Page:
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In a recipe we might have: "Flour: 2 cups".

In chemistry, the analog is like: "2 drops of water".

Similarly, In medicine: "Aspirin: 80mg".

The name of the substance by itself has names like "ingredient", "reagent", "medication". Likewise, the amount can be called "amount" or "dosage".

But I need a name for both together and haven't been able to think of what to call it. Is there a word or phrase that means that?

Perhaps it would be used like this: The third ???? in the recipe is "2 cups flour"

EDIT: A word that is really close is the medical usage of "prescription". For example, "The prescription was for 80mg of aspirin."

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    You can use 'item'. "The third item in the recipe is "2 cups flour."" – Ubi hatt Aug 6 '18 at 19:24
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    But item doesn't have the meaning of "type of something + amount of it" – BruceDLong Aug 6 '18 at 19:45
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    BruceDLong, what makes you think there should be one such word? – Michael Harvey Aug 6 '18 at 19:51
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    That is why I asked for a word OR phrase. It is so common that a substance is specified with an amount that I think there may be such a word. But I don't know for sure, of course. – BruceDLong Aug 6 '18 at 19:56
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    I'm not sure you can't use "ingredient" in a looser sense. "The third ingredient in the recipe is 2 cups flour". Even if that is not technically correct, nobody would see that and go "Whoa! that just doesn't sound right." I'd call it within the bounds of literary license. – fixer1234 Aug 7 '18 at 0:20
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Perhaps formula?

From Dictionary.com:

5a) a prescription for making up a medicine, baby's food, etc
 b) substance prepared according to such a prescription
  • This is really very close. Probably close enough for my purpose. I suppose technically, what I want is a "term" in a formula. In a term like "3X" the three is the amount and the X is the type. But term doesn't sound right for some reason. I'm going with formula. – BruceDLong Aug 7 '18 at 4:38
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In general, you're not going to find a word that encompasses both the type of item and the quantity (or mass or value). However, there are specialized words that refers to a multiplicity of a specific type of animal, for instance:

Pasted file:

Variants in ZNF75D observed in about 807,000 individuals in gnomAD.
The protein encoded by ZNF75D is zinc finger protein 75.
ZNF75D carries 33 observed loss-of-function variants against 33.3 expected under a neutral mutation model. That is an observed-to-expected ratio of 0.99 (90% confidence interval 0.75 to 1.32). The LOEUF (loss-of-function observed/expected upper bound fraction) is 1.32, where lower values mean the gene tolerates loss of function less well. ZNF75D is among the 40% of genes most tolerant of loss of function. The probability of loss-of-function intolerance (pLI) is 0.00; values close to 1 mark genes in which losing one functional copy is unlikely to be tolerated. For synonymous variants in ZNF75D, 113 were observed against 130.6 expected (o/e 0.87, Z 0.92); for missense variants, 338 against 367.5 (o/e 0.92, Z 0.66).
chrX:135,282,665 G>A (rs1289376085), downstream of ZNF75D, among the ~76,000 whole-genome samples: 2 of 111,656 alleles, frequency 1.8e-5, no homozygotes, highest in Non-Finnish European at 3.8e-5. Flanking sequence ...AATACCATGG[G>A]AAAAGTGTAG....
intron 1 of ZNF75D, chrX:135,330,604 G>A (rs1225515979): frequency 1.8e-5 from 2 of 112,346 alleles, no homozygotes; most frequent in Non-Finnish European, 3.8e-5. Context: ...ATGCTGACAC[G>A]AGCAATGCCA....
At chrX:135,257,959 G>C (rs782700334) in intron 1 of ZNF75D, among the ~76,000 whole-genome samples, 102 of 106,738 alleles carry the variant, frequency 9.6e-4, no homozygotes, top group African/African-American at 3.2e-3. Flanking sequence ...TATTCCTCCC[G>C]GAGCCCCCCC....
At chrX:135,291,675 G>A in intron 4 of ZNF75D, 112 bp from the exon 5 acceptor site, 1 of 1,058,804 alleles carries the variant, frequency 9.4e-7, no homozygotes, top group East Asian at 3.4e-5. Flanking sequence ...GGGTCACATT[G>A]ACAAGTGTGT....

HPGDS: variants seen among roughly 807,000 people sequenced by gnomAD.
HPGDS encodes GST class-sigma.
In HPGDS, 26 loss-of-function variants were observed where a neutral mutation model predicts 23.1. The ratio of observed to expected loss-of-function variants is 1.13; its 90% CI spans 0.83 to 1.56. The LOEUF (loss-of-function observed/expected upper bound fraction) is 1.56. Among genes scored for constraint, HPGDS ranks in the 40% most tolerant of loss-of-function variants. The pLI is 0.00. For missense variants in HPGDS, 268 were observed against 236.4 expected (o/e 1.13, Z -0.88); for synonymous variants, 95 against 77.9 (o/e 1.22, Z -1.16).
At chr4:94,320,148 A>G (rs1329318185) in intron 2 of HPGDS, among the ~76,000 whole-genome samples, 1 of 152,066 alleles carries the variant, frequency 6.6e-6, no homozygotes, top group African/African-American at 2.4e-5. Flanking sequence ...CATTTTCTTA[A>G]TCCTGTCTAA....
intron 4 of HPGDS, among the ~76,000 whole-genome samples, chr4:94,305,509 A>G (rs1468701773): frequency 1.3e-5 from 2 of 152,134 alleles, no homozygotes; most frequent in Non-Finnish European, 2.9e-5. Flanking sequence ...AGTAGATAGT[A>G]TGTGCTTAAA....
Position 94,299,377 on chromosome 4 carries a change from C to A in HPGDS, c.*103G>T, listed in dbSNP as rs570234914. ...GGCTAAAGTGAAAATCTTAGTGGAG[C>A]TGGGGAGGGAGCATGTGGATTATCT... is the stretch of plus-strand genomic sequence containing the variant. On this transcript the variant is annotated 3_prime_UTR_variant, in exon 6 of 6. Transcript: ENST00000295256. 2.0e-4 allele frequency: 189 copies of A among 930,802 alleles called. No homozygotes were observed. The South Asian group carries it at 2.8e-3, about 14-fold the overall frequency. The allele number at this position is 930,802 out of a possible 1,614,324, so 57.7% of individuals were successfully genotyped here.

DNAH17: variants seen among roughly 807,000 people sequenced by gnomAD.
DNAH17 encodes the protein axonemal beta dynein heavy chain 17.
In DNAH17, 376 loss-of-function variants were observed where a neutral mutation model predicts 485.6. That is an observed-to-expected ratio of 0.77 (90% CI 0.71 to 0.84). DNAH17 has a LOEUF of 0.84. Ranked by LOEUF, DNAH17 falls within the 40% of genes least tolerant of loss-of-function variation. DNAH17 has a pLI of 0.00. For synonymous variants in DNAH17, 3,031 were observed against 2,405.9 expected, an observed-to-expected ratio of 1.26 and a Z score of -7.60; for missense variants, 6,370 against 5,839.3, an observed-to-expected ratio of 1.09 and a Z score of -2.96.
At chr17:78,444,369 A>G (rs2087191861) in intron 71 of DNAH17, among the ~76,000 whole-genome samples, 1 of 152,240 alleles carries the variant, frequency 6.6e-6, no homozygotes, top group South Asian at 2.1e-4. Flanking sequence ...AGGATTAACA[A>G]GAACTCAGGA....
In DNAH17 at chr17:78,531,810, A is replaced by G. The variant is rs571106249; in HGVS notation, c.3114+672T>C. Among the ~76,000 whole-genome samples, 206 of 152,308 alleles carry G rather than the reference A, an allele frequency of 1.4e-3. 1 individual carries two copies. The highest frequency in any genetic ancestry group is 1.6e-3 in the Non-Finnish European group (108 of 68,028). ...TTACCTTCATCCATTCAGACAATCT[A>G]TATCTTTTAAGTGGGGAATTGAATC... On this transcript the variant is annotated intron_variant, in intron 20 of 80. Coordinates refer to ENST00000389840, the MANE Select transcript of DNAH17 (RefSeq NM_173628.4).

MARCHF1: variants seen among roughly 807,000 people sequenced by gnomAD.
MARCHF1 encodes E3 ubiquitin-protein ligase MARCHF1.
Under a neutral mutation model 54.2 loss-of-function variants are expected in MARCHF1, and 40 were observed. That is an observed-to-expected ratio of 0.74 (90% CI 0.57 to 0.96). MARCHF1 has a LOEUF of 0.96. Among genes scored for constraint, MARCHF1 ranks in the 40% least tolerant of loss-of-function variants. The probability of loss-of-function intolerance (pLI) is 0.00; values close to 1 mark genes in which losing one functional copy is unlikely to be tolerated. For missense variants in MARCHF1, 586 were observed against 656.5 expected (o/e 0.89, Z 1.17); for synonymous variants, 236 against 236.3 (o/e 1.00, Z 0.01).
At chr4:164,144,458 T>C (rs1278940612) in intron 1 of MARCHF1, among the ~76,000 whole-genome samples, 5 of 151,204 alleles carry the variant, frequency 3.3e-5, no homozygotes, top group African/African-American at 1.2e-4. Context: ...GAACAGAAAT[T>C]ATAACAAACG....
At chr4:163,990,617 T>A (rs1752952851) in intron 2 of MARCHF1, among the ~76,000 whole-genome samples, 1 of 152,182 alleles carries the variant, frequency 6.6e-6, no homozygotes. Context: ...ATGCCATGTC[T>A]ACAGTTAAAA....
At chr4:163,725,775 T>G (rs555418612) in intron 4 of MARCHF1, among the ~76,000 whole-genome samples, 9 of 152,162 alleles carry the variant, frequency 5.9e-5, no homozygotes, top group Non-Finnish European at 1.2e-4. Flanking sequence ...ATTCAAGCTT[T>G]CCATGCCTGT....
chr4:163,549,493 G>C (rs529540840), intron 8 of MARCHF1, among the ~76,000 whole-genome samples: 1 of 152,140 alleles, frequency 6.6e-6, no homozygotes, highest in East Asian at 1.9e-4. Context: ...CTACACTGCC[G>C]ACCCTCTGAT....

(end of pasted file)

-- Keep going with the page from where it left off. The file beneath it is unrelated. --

• A pride of lions
  • A zeal (or dazzle) of zebras
  • A sleuth of bears

Getting closer to your question, though, you're going to be hard-pressed to find the words you are looking for, since they probably don't even exist. The only word I can think of that comes close to what you are looking for is clove, since it almost always refers specifically to a clove of garlic, where you have a specific item (garlic) and a specific amount (clove). But even there, it would sound odd to just ask for a clove; you'd almost always say a "garlic clove."

  • "A clove" does have a meaning in recipes, but it has nothing to do with garlic. – TimLymington Aug 6 '18 at 20:41
  • I looked it up on dictionary.com and see that TimLymington is correct, though, when you go to the grocery store, you can ask for a clove of garlic and get a ready response, but you would get some stares if you asked the produce person for a clove of blueberries, strawberries, or honeydoo. – JoshG Aug 6 '18 at 20:49
  • It wasn't your suggestion for a word or phrase, but you DID use the phrase "multiplicity of a specific type". Technically that would work but I'm hoping for something more sonorous. – BruceDLong Aug 6 '18 at 21:11
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    Well, if you get James Earl Jones to say it, it will be more sonorous. – JoshG Aug 6 '18 at 22:23
  • You can sort of do it with a generic term for the type or function of the item, but it is one item at a time. For example: "the sweetener in the recipe is 2 tsp sugar". – fixer1234 Aug 7 '18 at 0:13
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Among "Flour: 2 cups," "2 drops of water," and "Aspirin: 80mg," one word that expresses the same idea for all of them is measure:

[Merriam-Webster]

1 a (1) : an adequate or due portion
d (1) : a measured quantity

Hence, you would dispense a measure of flour, water, or aspirin.

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